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Ambient air temp is almost static temp wise, basement air @ 62*F. I'm measuring the temp with an ACT 7000 digital pyrometer good to 1000*F. I'm sampling the stack at the breaching hole 5" from the furnace outlet. I include the furnace room in the return air path to utilize the waste heat from the furnace so the ambient air temp doesn't rise that much during a burn. It's only 64* upstairs anyway. Outside air temp is now 27*F at 16 mph (better than yesterday). I get it though, I should plot the NET stack temp.

Checking just now, burner inlet air at cycle start is 61*F, at burn cycle end (10 min) it's 62*F

Last edited by Don T; 02-07-14 at 10:34 PM. Reason: for data inclusion
#49
02-08-14, 01:00 PM
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OK, the intake air is a non-issue.
The reason I asked about how & where you were measuring the temp is a lot of folks these days are using the lasers. They aren't worth a plugged nickel for what we are trying to do. The equipment & location of your sampling are quite good.

#50
02-08-14, 03:08 PM
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1. In general there is an optimal burn time that produces the best efficiency.
Too short and it cycles too often doesn't get enough energy into the house it
goes up the stack.
Too long and the high stack temp lowers efficiency and again the waste goes
up the chimney.
2. Since there must be a calculable point of diminishing returns, it would be based on the thermal mass of the furnace, the best firing rate afforded the design / size. The thermal loss of the house at normal seasonal temps giving me the heat input the house requires from the furnace. Am I safe to assume short cycles that end with lower stack temp will be more efficient?

3. A complex calculation but the crossing point can be determined by the layman by measuring the burn times per day over the average outside temp per day. Increasing the firing rate (shorter cycles) then decreasing (longer cycles) and compare.

My mother-in-law's house has a Becket retention burner fired at .5 gph. Her house is about the same size as mine. The furnace burns for 40 minutes per cycle in this weather and it takes a long time to heat the house. It doesn't seem all that efficient and burns ~500 gal / season. The variables of insulation and greater heat loss, being located out in the east county with the incessant east wind coming out of the Columbia gorge, not being accounted for. By comparison, my house burned 275 gallons last year.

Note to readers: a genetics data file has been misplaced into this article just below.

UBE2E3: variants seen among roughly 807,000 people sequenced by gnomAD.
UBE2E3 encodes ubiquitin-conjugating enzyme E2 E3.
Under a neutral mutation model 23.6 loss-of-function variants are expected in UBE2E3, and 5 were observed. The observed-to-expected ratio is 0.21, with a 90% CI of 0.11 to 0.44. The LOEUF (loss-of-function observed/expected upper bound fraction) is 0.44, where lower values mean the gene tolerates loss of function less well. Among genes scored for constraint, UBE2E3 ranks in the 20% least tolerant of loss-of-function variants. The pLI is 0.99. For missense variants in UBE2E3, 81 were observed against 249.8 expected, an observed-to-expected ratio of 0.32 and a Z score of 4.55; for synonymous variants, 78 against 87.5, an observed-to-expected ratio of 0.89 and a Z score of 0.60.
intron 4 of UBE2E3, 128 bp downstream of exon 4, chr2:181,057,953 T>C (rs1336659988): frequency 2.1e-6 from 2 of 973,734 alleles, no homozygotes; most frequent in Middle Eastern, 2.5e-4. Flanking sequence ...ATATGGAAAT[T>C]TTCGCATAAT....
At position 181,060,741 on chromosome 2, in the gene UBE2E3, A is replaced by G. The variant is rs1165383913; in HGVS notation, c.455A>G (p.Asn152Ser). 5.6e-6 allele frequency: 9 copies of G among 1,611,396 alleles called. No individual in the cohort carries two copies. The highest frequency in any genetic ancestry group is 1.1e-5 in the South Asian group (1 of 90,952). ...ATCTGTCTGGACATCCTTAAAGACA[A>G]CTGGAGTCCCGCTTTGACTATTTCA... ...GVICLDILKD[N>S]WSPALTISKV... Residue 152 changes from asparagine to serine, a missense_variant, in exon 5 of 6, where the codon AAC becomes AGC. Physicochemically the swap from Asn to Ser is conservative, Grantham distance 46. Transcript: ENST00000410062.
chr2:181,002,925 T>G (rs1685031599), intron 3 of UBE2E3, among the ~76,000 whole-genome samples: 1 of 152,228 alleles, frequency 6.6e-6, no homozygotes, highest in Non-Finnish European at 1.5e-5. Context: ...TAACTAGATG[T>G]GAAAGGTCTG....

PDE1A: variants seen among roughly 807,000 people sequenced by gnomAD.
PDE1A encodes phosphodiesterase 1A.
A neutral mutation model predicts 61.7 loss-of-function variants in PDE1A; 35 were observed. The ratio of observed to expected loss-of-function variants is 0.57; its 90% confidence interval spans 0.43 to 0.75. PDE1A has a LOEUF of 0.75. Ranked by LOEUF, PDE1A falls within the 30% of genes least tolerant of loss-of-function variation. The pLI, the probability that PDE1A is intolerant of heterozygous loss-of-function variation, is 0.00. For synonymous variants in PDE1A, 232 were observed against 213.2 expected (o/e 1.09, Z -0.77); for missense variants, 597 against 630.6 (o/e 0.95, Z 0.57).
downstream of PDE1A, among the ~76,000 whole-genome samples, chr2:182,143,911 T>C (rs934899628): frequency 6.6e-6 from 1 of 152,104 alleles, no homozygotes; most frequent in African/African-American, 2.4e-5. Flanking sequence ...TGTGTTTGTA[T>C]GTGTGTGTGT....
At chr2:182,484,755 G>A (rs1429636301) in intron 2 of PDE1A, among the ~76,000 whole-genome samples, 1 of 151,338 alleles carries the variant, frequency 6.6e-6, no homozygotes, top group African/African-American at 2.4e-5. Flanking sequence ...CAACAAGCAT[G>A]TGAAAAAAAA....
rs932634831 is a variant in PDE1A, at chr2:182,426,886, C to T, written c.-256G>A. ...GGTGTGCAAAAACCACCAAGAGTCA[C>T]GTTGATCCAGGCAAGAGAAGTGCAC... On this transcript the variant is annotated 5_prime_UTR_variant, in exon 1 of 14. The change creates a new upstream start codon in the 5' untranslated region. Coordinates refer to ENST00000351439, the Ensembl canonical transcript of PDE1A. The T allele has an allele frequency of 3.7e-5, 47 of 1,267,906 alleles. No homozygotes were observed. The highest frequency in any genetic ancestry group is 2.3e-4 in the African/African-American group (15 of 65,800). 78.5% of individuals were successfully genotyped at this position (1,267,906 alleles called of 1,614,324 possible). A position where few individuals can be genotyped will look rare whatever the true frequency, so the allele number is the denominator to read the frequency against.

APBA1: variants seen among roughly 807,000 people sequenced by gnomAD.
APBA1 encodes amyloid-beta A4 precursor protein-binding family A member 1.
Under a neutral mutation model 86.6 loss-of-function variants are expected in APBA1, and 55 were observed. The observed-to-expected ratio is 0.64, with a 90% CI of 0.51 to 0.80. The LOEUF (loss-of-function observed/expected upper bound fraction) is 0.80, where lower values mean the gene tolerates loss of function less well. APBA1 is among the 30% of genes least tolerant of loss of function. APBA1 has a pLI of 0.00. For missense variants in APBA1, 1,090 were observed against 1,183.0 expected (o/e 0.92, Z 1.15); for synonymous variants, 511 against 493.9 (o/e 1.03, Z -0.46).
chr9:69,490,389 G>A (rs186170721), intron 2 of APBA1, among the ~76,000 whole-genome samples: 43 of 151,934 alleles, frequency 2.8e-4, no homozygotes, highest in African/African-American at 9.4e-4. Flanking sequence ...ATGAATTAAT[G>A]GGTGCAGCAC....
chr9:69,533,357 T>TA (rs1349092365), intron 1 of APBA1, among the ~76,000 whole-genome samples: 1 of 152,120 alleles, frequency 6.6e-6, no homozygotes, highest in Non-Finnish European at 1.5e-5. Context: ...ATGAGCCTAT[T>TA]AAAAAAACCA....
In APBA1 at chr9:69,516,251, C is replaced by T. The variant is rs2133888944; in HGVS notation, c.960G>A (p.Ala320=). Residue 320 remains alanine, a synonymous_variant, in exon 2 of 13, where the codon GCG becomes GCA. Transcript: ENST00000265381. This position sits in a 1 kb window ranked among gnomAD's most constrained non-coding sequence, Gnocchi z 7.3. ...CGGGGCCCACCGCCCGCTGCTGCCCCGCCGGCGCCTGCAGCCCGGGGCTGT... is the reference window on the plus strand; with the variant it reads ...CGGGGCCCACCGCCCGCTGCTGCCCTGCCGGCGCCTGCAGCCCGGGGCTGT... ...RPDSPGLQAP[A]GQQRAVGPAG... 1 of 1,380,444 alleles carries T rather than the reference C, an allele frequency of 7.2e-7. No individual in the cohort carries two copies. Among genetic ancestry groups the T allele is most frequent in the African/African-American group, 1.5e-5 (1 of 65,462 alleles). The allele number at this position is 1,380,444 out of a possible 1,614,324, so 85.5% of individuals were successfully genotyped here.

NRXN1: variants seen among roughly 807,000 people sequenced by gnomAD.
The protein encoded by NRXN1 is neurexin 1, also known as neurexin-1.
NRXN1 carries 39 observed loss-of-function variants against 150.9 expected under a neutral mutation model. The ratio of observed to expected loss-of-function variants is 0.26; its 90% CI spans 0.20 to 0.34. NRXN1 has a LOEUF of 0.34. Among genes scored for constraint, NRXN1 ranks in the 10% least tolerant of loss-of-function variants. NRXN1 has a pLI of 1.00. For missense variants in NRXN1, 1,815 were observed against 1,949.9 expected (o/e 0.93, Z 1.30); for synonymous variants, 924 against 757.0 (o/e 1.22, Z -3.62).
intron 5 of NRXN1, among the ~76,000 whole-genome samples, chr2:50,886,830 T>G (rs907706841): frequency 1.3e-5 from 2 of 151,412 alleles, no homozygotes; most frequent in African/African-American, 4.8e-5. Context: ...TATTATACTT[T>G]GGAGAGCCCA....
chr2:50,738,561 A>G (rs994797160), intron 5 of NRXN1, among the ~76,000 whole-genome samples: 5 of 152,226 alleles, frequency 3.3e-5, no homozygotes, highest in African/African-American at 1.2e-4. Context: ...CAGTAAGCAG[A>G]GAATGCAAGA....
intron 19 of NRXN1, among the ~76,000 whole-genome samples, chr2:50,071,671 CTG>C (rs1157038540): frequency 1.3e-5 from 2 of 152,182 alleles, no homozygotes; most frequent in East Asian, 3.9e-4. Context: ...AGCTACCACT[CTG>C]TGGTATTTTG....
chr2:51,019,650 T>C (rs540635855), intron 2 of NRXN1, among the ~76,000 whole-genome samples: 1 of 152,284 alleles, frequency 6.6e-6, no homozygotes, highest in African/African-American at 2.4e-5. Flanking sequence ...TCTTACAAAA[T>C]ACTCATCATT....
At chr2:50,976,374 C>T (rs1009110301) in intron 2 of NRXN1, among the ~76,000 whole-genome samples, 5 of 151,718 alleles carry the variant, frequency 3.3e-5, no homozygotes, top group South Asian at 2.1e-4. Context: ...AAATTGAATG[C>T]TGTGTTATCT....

Looking at my data, with outside temps ~ 45*F the furnace burns 6 min / hr.
Today at 28*F it's burning 12 min / hr (8 min / 40 min cycle). That is ~ 4 gallons a day at this temp. Although, the average for last month (same temp range) was 2 gallons a day. When temps are in the upper 40's low 50's it averages 1 gallon a day.

Setback:
It takes a 40 min burn to raise the house up to the evening temp from the setback. That is essentially 7 hours of normal temp maintaining burns. So it makes no sense to use the lower setback temp if the time is not appreciably longer. Say 12 to 18 hours. 8 hours during sleep would be a wash.

Don

Last edited by Don T; 02-08-14 at 03:24 PM.
#51
02-08-14, 04:31 PM
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On the surface your reasoning seems sound but the "experts" say short cycling is the least efficient way to run a furnace. In my 30 or so years I've been in the trade, I've always have been taught the most efficient way to operate is a steady run.
According to these experts, a properly sized furnace will run constantly on a "design day". A design day is one when the outdoor temperature matches that for which your furnace is sized to maintain the home at the indoor design temperature (usually 70*). In my area, the outdoor winter design temp is 18*, which in my estimation is way too high. I have experienced an entire week during which the temps never hit double digits.
Here is a link to the ACCA Manual J which is THE standard for residential heating & cooling load calculation. https://www.acca.org/wp-content/uplo...Conditions.pdf

Something engineers have done in recent years "to increase efficiency" is to bring the fan on much sooner & have it stay on longer. This is supposed to transfer more of the heat from the heat exchanger to the space being heated. By doing so they have reduced heat loss up the chimney by maintaing a lower heat exchanger temperature. The downside is customers complain about lower air temperatures from the registers.

#52
02-08-14, 06:36 PM
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One of the first things I did was lower the fan's "off temp" to 80* and "on temp" to 120* My fan control has 2 speed capability and whomever set it up for the previous owner really missed the mark. Especially since it had a one speed motor. A high off temp means a too hot basement at my house.